Because it’s their job, real estate agents can give each home sale they’re responsible for much more attention than the average FSBO seller, who likely has a full-time job or other responsibilities taking up most of their time. Professional real estate agents prioritize being available to answer calls or emails from potential buyers and coordinate showings or open houses.

These things can make a big difference when it comes to selling your home for its full market value.

The For Sale By Owner Process

If you think you have what it takes to successfully sell your home, here’s what that process will typically look like – keep in mind, however, that the requirements for selling a home vary a bit by location, and you may have to take additional steps not mentioned here depending on what state you live in.

Set The Asking Price

One of the first and most vital things you’ll need to do is decide how much you want to sell your home for. A home’s asking price should be based on how much similar homes in the area are selling for.

When a professional agent prices a home, they usually create a report called a comparative market analysis (CMA), which looks at the sale price of recently-sold homes that are similar to yours.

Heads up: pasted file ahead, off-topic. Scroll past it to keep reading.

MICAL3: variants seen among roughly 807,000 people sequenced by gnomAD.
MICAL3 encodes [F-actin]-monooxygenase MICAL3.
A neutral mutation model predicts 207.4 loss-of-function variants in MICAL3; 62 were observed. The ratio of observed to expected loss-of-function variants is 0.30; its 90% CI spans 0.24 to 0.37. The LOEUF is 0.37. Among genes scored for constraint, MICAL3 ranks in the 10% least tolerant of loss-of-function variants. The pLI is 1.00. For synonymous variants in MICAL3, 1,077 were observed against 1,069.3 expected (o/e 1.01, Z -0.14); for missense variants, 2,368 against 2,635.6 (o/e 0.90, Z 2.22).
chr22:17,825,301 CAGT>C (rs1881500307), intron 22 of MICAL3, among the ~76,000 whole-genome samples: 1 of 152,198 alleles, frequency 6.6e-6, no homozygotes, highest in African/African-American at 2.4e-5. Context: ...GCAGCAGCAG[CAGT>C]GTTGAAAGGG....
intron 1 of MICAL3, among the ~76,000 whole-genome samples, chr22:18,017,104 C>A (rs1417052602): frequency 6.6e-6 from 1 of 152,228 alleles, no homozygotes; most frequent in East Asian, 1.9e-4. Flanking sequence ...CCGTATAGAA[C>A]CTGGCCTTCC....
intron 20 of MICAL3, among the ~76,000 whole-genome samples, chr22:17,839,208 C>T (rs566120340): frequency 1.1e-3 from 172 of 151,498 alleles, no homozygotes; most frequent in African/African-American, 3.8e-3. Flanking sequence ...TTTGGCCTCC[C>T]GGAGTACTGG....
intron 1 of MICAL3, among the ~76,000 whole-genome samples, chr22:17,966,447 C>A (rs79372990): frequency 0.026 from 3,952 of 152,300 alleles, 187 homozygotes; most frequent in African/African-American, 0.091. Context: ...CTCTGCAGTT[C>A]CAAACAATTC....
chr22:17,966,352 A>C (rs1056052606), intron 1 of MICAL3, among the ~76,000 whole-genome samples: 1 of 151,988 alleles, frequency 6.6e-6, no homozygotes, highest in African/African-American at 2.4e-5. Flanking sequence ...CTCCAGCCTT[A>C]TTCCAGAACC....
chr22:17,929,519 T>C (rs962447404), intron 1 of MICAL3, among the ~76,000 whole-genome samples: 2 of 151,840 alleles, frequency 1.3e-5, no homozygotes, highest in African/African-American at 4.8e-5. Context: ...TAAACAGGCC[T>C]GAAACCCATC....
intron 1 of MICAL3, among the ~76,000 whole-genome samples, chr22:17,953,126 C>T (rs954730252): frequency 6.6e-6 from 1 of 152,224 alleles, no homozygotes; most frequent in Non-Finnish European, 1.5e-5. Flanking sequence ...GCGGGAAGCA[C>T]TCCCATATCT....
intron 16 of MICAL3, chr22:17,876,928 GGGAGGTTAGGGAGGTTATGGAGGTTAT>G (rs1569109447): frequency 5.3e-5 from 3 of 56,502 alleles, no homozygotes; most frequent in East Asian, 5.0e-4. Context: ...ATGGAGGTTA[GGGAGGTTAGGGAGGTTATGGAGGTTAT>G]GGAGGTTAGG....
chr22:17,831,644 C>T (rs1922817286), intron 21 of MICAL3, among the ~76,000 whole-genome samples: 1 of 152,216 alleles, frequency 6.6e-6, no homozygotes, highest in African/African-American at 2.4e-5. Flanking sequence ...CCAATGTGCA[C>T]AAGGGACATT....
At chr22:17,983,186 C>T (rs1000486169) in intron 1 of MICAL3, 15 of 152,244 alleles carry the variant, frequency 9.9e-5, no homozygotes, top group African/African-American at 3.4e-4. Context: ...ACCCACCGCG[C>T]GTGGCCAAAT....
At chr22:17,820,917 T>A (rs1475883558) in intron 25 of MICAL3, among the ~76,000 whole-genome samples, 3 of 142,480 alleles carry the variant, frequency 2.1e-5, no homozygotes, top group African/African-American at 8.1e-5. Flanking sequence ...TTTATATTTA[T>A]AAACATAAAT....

These similar homes are known as comparables, or comps, and they’re the key to correctly pricing your home to sell.

Comps include homes that are similar to yours in size, number of bedrooms, age, condition, features and location – comps should be physically near each other, such as in the same neighborhood or at least in a similar neighborhood in the same school district. They should have sold recently, within the previous 3 – 6 months.

When pricing your home, do your research and find as many comps as you can to get a full picture of how much homes like yours are selling for. Only look at homes that have recently sold, as a home’s listing price can differ quite a bit from what it ends up actually selling for.

Once you’ve found some solid comps, you should have a better idea of what your home’s market value is.

If you have any additional features that make your home stand out from other nearby homes (maybe you recently upgraded the kitchen or installed brand new windows), you can adjust your price to reflect that. However, be careful about overestimating how much value your upgrades add; don’t expect a dollar-for-dollar return on pricey renovations.

To get an idea of how much your home is worth, check out the Rocket HomesSM Property Report tool.

Market And Advertise The Listing

Thanks to the internet, attracting prospective buyers to your FSBO home is easier than ever, with endless online resources for sellers looking to effectively market and sell their homes.

When you sell FSBO, it’s important to get the word out about your home. Since most buyers are conducting at least part of their home searches online, it’s vital that you list your home on all the sites buyers are searching on and make your listing as attractive as possible.

This means having great photos and, potentially, video. You may want to consider hiring a professional photographer with experience in photographing real estate to properly showcase your home.